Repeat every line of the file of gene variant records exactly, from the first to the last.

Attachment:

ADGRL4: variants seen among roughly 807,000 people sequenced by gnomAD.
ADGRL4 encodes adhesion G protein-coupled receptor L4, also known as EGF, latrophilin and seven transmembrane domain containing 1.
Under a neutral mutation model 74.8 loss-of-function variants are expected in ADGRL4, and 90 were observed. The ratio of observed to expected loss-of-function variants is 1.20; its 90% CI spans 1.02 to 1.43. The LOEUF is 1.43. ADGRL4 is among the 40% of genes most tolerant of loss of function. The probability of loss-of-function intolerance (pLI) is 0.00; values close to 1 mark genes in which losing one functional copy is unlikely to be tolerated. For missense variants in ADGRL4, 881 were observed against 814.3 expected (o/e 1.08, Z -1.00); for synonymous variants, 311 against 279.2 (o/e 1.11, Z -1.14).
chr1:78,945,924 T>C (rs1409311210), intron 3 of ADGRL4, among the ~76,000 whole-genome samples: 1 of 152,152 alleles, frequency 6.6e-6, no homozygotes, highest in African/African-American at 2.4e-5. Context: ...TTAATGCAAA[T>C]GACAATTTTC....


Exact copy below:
ADGRL4: variants seen among roughly 807,000 people sequenced by gnomAD.
ADGRL4 encodes adhesion G protein-coupled receptor L4, also known as EGF, latrophilin and seven transmembrane domain containing 1.
Under a neutral mutation model 74.8 loss-of-function variants are expected in ADGRL4, and 90 were observed. The ratio of observed to expected loss-of-function variants is 1.20; its 90% CI spans 1.02 to 1.43. The LOEUF is 1.43. ADGRL4 is among the 40% of genes most tolerant of loss of function. The probability of loss-of-function intolerance (pLI) is 0.00; values close to 1 mark genes in which losing one functional copy is unlikely to be tolerated. For missense variants in ADGRL4, 881 were observed against 814.3 expected (o/e 1.08, Z -1.00); for synonymous variants, 311 against 279.2 (o/e 1.11, Z -1.14).
chr1:78,945,924 T>C (rs1409311210), intron 3 of ADGRL4, among the ~76,000 whole-genome samples: 1 of 152,152 alleles, frequency 6.6e-6, no homozygotes, highest in African/African-American at 2.4e-5. Context: ...TTAATGCAAA[T>C]GACAATTTTC....